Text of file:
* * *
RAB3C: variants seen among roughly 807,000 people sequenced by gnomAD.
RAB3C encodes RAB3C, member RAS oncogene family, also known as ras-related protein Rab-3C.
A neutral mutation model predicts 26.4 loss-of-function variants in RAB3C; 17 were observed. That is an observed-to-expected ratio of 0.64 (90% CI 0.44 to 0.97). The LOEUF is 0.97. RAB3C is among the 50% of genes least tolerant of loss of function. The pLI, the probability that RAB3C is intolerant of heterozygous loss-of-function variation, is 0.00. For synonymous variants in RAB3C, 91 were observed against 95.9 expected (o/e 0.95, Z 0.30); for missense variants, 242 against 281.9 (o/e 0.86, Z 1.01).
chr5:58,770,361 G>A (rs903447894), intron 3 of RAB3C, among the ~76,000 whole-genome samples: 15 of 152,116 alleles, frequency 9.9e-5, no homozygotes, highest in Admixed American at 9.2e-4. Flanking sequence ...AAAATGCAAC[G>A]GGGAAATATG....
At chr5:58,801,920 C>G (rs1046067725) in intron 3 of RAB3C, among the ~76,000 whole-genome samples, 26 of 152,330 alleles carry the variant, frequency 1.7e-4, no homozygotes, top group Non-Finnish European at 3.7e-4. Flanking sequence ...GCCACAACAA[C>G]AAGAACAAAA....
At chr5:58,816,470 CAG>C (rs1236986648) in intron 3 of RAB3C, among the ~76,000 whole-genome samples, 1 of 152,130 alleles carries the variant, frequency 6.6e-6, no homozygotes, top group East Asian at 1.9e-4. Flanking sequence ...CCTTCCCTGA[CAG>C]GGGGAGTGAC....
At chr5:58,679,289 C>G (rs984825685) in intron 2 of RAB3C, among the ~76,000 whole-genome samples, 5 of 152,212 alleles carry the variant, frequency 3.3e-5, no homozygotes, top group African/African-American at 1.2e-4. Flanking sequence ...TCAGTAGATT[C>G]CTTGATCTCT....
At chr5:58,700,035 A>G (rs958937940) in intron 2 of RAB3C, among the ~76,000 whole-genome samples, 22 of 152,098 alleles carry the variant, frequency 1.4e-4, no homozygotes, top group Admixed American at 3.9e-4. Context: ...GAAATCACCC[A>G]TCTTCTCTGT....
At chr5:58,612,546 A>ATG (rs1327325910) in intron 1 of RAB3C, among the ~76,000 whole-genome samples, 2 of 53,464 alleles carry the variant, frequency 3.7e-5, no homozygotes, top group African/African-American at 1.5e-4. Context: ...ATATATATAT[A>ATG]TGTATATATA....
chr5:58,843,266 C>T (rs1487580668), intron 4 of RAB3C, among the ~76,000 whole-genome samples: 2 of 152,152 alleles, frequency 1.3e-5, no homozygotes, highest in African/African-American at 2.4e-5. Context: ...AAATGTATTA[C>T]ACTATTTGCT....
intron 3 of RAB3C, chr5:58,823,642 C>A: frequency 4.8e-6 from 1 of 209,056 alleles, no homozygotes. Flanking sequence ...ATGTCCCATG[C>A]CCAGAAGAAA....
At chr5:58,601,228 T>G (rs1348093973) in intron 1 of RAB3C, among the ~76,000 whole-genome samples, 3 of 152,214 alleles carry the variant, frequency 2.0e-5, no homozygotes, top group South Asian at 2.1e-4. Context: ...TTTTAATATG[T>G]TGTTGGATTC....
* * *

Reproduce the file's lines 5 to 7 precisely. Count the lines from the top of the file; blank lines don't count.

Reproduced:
At chr5:58,801,920 C>G (rs1046067725) in intron 3 of RAB3C, among the ~76,000 whole-genome samples, 26 of 152,330 alleles carry the variant, frequency 1.7e-4, no homozygotes, top group Non-Finnish European at 3.7e-4. Flanking sequence ...GCCACAACAA[C>G]AAGAACAAAA....
At chr5:58,816,470 CAG>C (rs1236986648) in intron 3 of RAB3C, among the ~76,000 whole-genome samples, 1 of 152,130 alleles carries the variant, frequency 6.6e-6, no homozygotes, top group East Asian at 1.9e-4. Flanking sequence ...CCTTCCCTGA[CAG>C]GGGGAGTGAC....
At chr5:58,679,289 C>G (rs984825685) in intron 2 of RAB3C, among the ~76,000 whole-genome samples, 5 of 152,212 alleles carry the variant, frequency 3.3e-5, no homozygotes, top group African/African-American at 1.2e-4. Flanking sequence ...TCAGTAGATT[C>G]CTTGATCTCT....